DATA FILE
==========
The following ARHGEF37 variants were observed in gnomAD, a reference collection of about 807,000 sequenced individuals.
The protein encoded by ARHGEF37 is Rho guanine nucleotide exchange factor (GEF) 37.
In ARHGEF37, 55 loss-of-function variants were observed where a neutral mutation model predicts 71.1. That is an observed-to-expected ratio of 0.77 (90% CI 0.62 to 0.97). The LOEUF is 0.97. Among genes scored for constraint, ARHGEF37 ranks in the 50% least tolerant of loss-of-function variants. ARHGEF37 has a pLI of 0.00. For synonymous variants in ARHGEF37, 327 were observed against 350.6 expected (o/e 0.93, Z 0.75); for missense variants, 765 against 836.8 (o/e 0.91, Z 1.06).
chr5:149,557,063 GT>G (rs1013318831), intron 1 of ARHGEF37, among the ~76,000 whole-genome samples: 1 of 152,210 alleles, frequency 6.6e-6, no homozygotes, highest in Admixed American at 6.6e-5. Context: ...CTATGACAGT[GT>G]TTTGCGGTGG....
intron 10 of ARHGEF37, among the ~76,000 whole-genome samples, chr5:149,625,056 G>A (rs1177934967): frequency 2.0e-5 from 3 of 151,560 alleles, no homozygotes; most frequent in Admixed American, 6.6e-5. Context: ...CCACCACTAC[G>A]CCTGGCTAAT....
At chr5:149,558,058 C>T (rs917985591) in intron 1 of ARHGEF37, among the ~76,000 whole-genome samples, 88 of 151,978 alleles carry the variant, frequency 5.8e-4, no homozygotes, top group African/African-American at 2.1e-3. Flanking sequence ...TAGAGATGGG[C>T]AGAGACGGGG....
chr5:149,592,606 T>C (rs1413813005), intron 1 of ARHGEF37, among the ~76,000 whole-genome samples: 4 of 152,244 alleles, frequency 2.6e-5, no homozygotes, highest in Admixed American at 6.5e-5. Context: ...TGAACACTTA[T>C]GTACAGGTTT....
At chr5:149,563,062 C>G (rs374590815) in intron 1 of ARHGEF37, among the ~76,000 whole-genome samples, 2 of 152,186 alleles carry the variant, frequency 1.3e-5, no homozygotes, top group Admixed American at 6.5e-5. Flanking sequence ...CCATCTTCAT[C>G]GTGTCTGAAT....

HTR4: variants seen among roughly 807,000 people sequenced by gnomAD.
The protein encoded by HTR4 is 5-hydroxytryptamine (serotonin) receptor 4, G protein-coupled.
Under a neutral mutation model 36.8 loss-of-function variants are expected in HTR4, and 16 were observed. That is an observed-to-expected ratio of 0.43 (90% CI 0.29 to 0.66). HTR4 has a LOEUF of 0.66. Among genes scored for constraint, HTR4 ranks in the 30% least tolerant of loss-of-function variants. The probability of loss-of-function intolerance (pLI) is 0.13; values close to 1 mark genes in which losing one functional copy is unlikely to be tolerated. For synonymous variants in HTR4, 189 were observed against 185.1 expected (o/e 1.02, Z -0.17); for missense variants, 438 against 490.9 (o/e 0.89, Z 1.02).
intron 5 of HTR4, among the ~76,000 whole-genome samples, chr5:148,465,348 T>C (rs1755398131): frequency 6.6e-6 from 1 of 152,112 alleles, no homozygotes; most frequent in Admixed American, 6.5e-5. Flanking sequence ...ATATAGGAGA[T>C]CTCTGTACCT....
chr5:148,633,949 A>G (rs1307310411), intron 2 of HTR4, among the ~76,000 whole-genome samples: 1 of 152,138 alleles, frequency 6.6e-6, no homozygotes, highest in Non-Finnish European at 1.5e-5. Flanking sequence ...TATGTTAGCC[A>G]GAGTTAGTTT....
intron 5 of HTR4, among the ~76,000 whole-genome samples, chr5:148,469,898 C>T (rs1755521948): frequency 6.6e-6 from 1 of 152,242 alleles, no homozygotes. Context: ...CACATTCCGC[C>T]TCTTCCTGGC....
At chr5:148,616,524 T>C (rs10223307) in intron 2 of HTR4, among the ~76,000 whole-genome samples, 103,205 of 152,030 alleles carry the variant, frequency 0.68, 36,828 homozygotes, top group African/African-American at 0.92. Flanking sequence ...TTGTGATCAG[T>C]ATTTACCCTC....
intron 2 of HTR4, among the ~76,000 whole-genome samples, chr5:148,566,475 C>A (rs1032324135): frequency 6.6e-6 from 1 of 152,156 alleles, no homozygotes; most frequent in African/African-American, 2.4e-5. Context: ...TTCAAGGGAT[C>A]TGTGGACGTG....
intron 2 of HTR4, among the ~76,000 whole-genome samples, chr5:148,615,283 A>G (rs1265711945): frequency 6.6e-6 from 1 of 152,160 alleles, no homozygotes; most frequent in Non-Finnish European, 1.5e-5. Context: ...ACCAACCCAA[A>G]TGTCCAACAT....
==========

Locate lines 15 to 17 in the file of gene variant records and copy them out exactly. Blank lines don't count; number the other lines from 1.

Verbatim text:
At chr5:148,616,524 T>C (rs10223307) in intron 2 of HTR4, among the ~76,000 whole-genome samples, 103,205 of 152,030 alleles carry the variant, frequency 0.68, 36,828 homozygotes, top group African/African-American at 0.92. Flanking sequence ...TTGTGATCAG[T>C]ATTTACCCTC....
intron 2 of HTR4, among the ~76,000 whole-genome samples, chr5:148,566,475 C>A (rs1032324135): frequency 6.6e-6 from 1 of 152,156 alleles, no homozygotes; most frequent in African/African-American, 2.4e-5. Context: ...TTCAAGGGAT[C>A]TGTGGACGTG....
intron 2 of HTR4, among the ~76,000 whole-genome samples, chr5:148,615,283 A>G (rs1265711945): frequency 6.6e-6 from 1 of 152,160 alleles, no homozygotes; most frequent in Non-Finnish European, 1.5e-5. Context: ...ACCAACCCAA[A>G]TGTCCAACAT....